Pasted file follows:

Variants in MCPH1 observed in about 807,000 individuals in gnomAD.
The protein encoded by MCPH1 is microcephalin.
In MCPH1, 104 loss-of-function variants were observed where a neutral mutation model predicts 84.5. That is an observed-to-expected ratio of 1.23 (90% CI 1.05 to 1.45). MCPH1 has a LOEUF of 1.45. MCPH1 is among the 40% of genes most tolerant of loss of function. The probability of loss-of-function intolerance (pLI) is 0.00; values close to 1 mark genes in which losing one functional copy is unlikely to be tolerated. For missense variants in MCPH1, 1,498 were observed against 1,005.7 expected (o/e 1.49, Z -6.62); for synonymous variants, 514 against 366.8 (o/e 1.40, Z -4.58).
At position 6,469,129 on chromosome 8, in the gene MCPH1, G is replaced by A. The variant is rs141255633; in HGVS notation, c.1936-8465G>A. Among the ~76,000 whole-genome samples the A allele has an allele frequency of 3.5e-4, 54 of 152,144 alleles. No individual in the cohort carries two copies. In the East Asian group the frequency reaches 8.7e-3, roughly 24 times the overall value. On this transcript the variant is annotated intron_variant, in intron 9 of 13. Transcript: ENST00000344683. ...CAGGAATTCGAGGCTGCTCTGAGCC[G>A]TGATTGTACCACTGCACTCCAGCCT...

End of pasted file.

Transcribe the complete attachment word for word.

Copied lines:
Variants in MCPH1 observed in about 807,000 individuals in gnomAD.
The protein encoded by MCPH1 is microcephalin.
In MCPH1, 104 loss-of-function variants were observed where a neutral mutation model predicts 84.5. That is an observed-to-expected ratio of 1.23 (90% CI 1.05 to 1.45). MCPH1 has a LOEUF of 1.45. MCPH1 is among the 40% of genes most tolerant of loss of function. The probability of loss-of-function intolerance (pLI) is 0.00; values close to 1 mark genes in which losing one functional copy is unlikely to be tolerated. For missense variants in MCPH1, 1,498 were observed against 1,005.7 expected (o/e 1.49, Z -6.62); for synonymous variants, 514 against 366.8 (o/e 1.40, Z -4.58).
At position 6,469,129 on chromosome 8, in the gene MCPH1, G is replaced by A. The variant is rs141255633; in HGVS notation, c.1936-8465G>A. Among the ~76,000 whole-genome samples the A allele has an allele frequency of 3.5e-4, 54 of 152,144 alleles. No individual in the cohort carries two copies. In the East Asian group the frequency reaches 8.7e-3, roughly 24 times the overall value. On this transcript the variant is annotated intron_variant, in intron 9 of 13. Transcript: ENST00000344683. ...CAGGAATTCGAGGCTGCTCTGAGCC[G>A]TGATTGTACCACTGCACTCCAGCCT...